To facilitate the reconstruction and visualization of the body patterns as co-expression of different chromatic components on the squid skin, individual components was created and superimposed. Using the “layer” function in Adobe Photoshop, it is possible for various components to be overlayed and this then generates a composite image of an oval squid; this image represents a specific set of expressed chromatic component and forms a snapshot of a given moment during the animal's dynamic body patterning behavior. If one renders all composite images sequentially, this is essentially forms a playback of the squid's body patterning along the time axis. A similar aproach has been used to describe the body patterns of the Caribbean reef squid S. sepioidea (Byrne et al., 2003).

To further analyze the timing and frequency of each component expressed during the various reproductive behaviors, and to allow examination of the interactions between the different components in various behavioral contexts, each video clip was segmented and specific behaviors identified. Only behavior segments lasting for more than 4 s were considered. To compare component expression during the same category of behavior, all the segmented datasets were normalized such that the start and the stop of the behavior was set as 0 and 100%, respectively. The occurrence frequency of each component in a behavior was calculated as the number of video segments in which the component appeared, which was divided by the total number of video segments available for that behavior. In addition, the co-occurrence frequency of components was computed as the co-expression time of two or more components, which was divided by the total expression time of these involved components during each video segment.

Results

Oval Squids Exhibit Various Different Behaviors that Are Associated with Distinct Body Patterns

After carefully viewing all of the video sequences collected from the field and laboratory, the reproductive behaviors of S. lessoniana could be categorized into five distinct categories, namely parallel swimming, male guarding, male-male fighting, male-parallel mating, and male-upturn mating (Table 1 and Figure 1; also see the Supplementary Movies 15). It is very apparent that the males and females or the winners and losers showed distinct body patterns during these reproductive behaviors (Figure 1).

TABLE 1
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Table 1. Five distinct reproductive behaviors in the oval squid Sepioteuthis lessoniana (see the Supplementary Movies 15 for these behaviors).

FIGURE 1
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Figure 1. Five behaviors of adult oval squid Sepioteuthis lessoniana were observed during the spawning season. (A) Parallel swimming. (B) Male guarding. (C) Male-male fighting. (D) Male-parallel mating. (E) Male-upturn mating. M, male; F, female; W, winner; L, loser. See the Supplementary Movies 15 for these behaviors.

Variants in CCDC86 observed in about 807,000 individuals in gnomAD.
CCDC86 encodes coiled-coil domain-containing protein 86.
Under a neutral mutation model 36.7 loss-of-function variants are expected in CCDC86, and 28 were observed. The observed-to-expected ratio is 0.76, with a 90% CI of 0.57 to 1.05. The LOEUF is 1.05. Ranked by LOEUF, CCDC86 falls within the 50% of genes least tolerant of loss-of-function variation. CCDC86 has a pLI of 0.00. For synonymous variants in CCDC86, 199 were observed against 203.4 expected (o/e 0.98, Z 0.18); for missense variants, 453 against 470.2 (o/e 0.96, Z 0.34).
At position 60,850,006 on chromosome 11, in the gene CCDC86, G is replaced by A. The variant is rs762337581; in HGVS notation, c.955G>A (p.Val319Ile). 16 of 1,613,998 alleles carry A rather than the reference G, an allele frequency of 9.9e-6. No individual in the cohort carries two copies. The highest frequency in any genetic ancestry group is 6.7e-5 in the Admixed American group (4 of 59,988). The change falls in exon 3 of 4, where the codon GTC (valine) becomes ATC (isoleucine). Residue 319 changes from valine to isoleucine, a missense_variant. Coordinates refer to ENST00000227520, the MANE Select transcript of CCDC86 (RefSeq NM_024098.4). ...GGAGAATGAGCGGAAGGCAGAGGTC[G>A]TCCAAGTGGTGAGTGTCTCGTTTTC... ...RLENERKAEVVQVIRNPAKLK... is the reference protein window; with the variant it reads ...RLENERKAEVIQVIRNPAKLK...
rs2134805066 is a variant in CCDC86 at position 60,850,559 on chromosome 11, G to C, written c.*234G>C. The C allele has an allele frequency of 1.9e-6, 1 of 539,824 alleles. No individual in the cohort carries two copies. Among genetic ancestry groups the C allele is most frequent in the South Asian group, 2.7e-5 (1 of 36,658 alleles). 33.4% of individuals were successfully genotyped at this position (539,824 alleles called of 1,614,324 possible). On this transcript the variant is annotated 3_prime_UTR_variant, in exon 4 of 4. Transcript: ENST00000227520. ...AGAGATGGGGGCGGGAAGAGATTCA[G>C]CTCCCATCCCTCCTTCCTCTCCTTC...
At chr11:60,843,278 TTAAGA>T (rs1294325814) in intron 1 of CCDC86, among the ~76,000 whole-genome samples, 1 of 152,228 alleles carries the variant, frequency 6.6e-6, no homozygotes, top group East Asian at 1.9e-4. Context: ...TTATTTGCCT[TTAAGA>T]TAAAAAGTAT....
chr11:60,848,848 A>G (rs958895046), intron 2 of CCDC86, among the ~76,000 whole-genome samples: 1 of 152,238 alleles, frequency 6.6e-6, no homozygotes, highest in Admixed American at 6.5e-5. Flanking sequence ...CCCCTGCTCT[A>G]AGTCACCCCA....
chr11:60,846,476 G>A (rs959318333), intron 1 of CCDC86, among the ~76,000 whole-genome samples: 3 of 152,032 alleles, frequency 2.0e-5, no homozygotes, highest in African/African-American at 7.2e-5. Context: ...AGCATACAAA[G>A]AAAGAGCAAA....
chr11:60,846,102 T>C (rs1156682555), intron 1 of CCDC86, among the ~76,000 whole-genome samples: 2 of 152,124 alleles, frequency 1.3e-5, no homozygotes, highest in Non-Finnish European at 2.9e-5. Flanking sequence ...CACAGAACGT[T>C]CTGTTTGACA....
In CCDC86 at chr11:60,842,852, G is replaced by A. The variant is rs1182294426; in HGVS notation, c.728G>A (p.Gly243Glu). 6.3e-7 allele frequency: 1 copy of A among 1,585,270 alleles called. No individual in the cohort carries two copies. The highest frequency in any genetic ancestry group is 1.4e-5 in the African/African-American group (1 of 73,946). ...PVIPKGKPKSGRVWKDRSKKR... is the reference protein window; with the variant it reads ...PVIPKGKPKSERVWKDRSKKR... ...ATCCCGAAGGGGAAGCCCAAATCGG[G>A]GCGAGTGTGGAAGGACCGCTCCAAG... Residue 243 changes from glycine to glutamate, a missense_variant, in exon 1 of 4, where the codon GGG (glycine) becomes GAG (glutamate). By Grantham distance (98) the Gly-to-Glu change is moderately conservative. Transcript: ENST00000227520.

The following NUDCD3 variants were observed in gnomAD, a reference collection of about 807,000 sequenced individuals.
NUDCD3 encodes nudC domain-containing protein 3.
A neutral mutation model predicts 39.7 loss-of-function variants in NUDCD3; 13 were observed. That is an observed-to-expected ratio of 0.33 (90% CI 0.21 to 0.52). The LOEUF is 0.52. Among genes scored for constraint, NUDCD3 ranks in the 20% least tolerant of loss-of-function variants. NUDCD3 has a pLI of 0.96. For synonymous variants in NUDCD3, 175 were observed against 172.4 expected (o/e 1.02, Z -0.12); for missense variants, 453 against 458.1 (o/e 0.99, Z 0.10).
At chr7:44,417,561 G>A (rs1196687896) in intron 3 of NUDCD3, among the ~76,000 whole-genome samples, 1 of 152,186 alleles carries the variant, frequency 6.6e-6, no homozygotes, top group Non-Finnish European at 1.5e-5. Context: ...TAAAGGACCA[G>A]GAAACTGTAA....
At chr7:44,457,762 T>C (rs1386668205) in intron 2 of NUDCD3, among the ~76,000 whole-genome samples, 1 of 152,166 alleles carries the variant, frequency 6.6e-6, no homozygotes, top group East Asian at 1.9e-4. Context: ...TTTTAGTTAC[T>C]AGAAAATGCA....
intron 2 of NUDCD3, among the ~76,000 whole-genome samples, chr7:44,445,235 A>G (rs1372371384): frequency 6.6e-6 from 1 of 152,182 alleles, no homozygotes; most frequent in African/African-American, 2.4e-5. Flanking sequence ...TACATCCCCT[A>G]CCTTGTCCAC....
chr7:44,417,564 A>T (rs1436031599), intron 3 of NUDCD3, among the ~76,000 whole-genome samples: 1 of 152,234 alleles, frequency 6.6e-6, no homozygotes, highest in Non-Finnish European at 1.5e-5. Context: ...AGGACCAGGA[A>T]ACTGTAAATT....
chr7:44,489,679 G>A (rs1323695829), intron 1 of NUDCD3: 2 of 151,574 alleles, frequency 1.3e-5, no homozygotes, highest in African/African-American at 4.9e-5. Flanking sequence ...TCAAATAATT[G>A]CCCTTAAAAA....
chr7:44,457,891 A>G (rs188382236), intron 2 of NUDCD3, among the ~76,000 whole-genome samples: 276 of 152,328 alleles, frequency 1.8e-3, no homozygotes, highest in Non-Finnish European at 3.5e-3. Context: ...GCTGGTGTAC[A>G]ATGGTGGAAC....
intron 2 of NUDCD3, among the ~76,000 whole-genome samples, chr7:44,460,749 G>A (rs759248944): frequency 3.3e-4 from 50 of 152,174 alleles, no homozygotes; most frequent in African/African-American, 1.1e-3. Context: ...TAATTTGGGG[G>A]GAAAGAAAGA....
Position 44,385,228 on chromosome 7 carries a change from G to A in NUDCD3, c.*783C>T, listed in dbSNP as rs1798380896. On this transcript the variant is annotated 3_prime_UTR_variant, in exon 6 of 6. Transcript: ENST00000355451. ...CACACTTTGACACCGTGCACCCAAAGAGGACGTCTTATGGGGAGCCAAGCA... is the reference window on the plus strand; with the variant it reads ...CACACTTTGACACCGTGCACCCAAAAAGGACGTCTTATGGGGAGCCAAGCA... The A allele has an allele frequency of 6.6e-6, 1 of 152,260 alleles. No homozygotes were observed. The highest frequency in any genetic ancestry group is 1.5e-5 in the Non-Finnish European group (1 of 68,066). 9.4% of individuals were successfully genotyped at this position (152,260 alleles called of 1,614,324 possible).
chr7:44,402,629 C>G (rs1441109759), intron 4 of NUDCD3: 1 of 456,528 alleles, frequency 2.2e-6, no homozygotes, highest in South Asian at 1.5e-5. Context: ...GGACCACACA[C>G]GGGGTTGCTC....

Chromatic Components and Their Dynamic Expression Form a Series of Different Body Patterns during Reproductive Behaviors

After the systematic examination of the various different body patterns observed during reproductive behavior, 27 distinct chromatic components were identified (Figure 2). Among these components, 11 (MB, WDS, DDS, DPVM, MMS, DA, DAS, DT, SE, DFS, and SF) have been described in S. australis (Jantzen and Havenhand, 2003a) and Loligo vulgaris (Hanlon et al., 1994), and 16 (LDML, LDMS, LUB, MUB, DUB, MM, DADM, DLS, MHA, DTA, DH, MF, DFM, WFS, FMS, and ES) are newly described for S. lessoniana in northeastern Taiwan. These components were identified based on their unique and repeated expression during the videos. Among them, LDML are only seen in matured male squids, while LDMS are unique to matured females. To distinguish overall skin brightness, LUB, MUB, and DUB have been assigned based on the squid's skin tone. The light, medium, and dark were determined subjectively depending on their body intensity relative to background and other nearby squids. There are five distinct dorsal mantle components (MB, MM, DADM, WDS, and DDS) and three unique mantle components that are only able to be seen from a side view (DPVM, MMS, and DLS). In addition, there are seven specific components that affect the arms and/or head (MHA, DTA, DA, DAS, DT, DH, and SE). Finally, there are seven components that are uniquely expressed on the fin (MF, DFM, WFS, DFS, SF, FMS, and ES).